A local radio reporter was killed a couple days ago.

Well, this is the Philippines, and it is election time. The prominent families are running their sons/wives/friends to run the provinces, and the pork barrel politics goes not to fatten taxpayers in the district, but disappears quietly, and locals just figure it is lining someone’s pocket.

It is so bad that the Manila Bulletin, a supporter of President Arroyo, had an editorial condemning government corruption, writing with typical Filipino irony:

RADIO reporter Mark Palacios, 41, was found dead Wednesday in Sta. Rosa, Nueva Ecija. His body bore marks of torture — broken jaw and teeth, deep bruises and gunshot wounds in different parts of the body. Mark was reporter for Radyo ng Bayan, a government-run station.
PNP officers provided the lead as to the killers’ motive: “Policemen’s involvement in crimes and misuse of pork barrel for the purchase of fertilizer by politicians.” This fertilizer item has caused untold suffering to many government officials and politicians — senators especially.

The mention of fertilizer has a double meaning. The first is obviously a joke. The second is an ongoing scandal (one of many) that embarass the Arroyo administration.

And at the forefront of the investigation are the police reporters and local radio talk shows, which are in the local dialects and sometimes, instead of hinting with irony, actually name names and accuse who’s who.

This article has the background. Essentially,  700 million pesos (essentially 14million dollars) in a fertilizer fund that was supposed to help poor farmers get better crops disappeared. The rumor was that it disappeared into a certain politician’s campaign chest, and given out as rewards to those who helped this politician get elected.

But when the Senate asked the man in charge of the fund to testify, he refused, and then he disappeared–to the USA. Luckily, the Senate here had warned the embassy to revoke his visa, so he was picked up and detained in the USA, and prefers to stay there in detention than return and spill the beans.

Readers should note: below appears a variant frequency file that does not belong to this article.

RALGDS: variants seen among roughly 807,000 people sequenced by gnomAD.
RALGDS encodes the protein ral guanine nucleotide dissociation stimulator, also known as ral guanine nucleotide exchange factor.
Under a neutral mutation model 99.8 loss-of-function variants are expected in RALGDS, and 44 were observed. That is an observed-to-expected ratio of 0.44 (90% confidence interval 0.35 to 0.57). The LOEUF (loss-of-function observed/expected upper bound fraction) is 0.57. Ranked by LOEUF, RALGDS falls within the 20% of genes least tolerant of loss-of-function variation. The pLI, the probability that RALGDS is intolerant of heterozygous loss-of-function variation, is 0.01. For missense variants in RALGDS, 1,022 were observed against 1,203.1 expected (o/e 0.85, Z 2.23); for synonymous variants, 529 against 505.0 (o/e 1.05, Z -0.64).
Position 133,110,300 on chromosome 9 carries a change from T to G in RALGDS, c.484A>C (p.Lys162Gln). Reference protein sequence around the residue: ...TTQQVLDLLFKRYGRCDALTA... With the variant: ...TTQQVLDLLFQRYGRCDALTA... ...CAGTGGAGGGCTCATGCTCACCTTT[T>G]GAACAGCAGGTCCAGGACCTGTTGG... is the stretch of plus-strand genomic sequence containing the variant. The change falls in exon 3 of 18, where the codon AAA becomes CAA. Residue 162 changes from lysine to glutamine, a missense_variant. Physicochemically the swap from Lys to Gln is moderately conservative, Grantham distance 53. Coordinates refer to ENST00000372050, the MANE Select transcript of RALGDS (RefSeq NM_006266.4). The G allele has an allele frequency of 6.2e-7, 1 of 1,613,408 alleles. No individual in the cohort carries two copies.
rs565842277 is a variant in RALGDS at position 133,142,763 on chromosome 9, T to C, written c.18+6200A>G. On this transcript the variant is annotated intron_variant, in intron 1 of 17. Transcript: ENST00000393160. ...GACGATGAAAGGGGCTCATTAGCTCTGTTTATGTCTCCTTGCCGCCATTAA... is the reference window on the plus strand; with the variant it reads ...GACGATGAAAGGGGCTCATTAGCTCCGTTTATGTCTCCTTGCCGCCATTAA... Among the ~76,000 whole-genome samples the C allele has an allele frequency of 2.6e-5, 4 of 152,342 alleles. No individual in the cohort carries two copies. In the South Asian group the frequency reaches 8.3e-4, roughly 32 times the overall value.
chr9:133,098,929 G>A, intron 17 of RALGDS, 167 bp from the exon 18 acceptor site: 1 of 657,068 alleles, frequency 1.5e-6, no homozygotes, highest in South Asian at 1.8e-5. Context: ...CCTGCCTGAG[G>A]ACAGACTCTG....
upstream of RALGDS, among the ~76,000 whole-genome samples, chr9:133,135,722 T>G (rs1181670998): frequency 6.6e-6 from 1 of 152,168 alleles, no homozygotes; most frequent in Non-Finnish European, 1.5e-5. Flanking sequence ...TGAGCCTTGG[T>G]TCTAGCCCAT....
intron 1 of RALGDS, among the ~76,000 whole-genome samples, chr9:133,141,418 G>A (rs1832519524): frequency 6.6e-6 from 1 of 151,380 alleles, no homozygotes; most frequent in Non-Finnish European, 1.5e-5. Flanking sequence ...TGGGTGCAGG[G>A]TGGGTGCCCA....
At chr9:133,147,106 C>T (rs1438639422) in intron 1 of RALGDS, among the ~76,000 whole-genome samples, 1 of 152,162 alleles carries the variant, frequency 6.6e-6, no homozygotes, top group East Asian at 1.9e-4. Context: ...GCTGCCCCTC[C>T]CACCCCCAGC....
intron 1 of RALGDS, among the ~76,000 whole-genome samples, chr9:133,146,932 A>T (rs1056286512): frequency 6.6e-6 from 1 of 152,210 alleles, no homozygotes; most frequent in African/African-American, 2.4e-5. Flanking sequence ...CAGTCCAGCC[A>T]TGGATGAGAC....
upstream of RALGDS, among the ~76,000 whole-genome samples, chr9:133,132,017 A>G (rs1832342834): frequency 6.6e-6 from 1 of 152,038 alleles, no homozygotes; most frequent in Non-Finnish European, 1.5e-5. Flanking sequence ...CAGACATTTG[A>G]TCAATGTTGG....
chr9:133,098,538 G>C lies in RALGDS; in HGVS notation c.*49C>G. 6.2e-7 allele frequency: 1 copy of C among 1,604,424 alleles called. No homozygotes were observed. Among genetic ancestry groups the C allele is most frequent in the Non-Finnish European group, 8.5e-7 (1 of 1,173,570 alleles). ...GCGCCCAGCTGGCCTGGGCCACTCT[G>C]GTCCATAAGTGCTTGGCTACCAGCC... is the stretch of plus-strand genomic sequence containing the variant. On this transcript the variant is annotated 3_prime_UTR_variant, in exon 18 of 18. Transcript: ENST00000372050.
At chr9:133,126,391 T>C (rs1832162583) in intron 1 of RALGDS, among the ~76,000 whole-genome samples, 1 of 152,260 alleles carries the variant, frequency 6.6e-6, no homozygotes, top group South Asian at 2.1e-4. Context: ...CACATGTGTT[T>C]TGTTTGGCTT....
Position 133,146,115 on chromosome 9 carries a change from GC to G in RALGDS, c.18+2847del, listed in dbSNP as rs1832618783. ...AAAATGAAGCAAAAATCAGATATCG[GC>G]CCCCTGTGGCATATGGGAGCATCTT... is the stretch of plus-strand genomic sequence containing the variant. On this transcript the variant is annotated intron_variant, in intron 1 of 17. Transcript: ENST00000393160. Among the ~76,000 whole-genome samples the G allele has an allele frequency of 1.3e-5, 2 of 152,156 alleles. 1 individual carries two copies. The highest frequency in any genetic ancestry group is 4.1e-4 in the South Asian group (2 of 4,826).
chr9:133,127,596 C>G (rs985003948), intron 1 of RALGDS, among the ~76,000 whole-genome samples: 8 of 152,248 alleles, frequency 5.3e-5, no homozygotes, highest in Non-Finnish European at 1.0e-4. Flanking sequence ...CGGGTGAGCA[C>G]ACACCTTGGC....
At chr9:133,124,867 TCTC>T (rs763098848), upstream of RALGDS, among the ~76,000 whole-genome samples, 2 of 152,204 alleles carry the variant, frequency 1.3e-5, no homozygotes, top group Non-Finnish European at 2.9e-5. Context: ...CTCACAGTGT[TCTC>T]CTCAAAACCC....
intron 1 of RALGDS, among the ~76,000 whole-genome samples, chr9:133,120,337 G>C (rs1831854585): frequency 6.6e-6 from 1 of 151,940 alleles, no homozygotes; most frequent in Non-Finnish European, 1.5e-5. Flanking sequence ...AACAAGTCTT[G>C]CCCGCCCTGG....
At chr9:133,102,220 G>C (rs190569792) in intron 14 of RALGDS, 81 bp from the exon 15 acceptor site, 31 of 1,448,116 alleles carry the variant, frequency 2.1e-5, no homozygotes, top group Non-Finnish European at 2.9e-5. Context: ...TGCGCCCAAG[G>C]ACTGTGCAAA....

Reporters sans frontiers notes that this is not the only one who had reason to get rid of a pesky reporter:

He was known for reporting on corruption and, at the time of his death, was investigating cases of abuse of authority by local officials and policemen. As a Citizens Crime Watch activist, he had also helped the police track down criminals.

Yet local politicians are pointing at each other, and the fact that two other reporters involved in investigating corruption concerning drugs and illegal logging south of here survived an attack in the last week only makes suspicion stronger. This is, after all, an election year.

I have no opinion on any of these things. My husband, who spent thirty years in America, has little patience with the oligarchy that runs the place.

The Philippines has a hard working population who has to go elsewhere to find jobs because the corruption makes the country less attractive than other Asian states.

And the ones who suffer are, of course, the poor, whose benefits are denied when the funds are diverted.


Nancy Reyes is a retired physician living in the Philippines.

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